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Salter, George H., 1826-ca. 1906 / Papers, ca. 1896-1913, 1965
Call Number, Stevens Point SC 60

[George Salter Memoirs],   pp. [1]-34 PDF (71.5 MB)

Page 6

him anymore he would never pay another half penny, but the man knew better
and he would say allright, I will not take your brother back and pretend
to go away.  Then Peter would call him back and pay him and then Tom would
not go without so much money.  Sometimes he would get him started with two
francs and sometimes Thomas would have more.  One time when Peter would not
give him what he wanted he nearly killed him.  He had him down in the old
man's parlor and had the door locked and the key in his pocket.  My wife
heard the old man holler xxxxxxxxxx murder and run out and call for me. 
I was out in the field.  I did not know what was up.  I ran like the devil,
got there and broke the door open.  Then Thomas and I had a set-to.  He gave
me a beautiful black eye, and Peter cleared out and left us two settle the
question.  I tell you we were two beautiful birds to look at when Peter came
back washed up.  My wife had taken him in our house.  When he came he said,
"Ha, ha, Thomas, you have got your master this time.  I told you
I would get George Salter to give you a dam good threshing some day for your
abuse because I knew he could do it as I saw him fight with a sailor over
half an hour, but George did not know me then."
Thomas wanted to go for Peter again, but I told him to stop it, or I would
settle with him.  "Yes," said Peter, "I shall
leave it to
George to settle with you."  Well I said, "Tom, come with
me and
we will talk the matter over."  Well he said, "I want two
and I will go."  "Allright," said Peter, "If
you told
me that before I would have given it to you without all of this fuss but
you said you wanted five francs and would have it or kill me and you would
have done it if George Salter had not come when he did, or why did you lock
the door and put the key in your pocket."  Tom said, "I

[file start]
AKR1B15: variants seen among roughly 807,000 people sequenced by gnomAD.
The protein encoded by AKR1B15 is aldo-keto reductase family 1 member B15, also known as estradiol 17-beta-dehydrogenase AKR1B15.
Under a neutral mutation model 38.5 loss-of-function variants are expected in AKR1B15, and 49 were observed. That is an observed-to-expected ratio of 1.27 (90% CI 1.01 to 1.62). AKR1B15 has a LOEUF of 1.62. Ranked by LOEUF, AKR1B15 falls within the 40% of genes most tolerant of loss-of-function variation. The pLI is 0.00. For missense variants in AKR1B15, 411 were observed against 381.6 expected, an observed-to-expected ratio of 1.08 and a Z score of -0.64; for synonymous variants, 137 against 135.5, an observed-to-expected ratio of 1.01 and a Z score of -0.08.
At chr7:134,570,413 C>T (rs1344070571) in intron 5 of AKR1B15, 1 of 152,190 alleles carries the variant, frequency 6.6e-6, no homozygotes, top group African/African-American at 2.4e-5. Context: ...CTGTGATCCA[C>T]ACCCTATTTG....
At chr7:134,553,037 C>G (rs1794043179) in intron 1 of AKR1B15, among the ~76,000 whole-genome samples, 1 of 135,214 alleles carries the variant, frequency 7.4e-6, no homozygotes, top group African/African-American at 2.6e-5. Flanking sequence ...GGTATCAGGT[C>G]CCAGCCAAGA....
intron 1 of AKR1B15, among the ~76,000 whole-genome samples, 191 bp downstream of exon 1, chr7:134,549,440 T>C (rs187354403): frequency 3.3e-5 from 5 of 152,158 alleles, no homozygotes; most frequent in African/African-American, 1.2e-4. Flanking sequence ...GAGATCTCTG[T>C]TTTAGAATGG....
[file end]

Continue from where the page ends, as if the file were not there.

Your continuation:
to scare you a little because I knew you would give it to me, but when you
grabbed the poker I knew you would not do it, and then that is when I knocked
you down and got on top of you.  I did not mean to hurt you but I saw when
that little devil came I knew I had to fight.  I thought I could soon do
him up but dam him, I could not strike him.  When I struck at him he was
not there.  I thought I had him once when I knocked him over the table, but
he was on top of me before I knew anything, but then, I will forgive him.
 For his pluck, Peter, you gave him five francs for me and I will not come
over for one month."  That put an end to Tom and Peter quarreling
over six months but after I left it was just as bad.
The next morning Peter came and paid me the twenty pounds, you bet.  I thanked
him very kindly for it.  Tom Curbey and I went over to the Island of Guernsey
on Sunday and I went out to Mr. Martell's and told what I had done.  He said
that was allright and I should let him know and he would come to pick me
up anytime.  He said, how are you going to get away?"  I told him
I had made it up with Tom Curbey that he would bring us over in the night
time, that I was to get the old man drunk and we would be allright for that
night.  The woman was to pack up all she could in the daytime and the balance
while he and I were drinking.  Then

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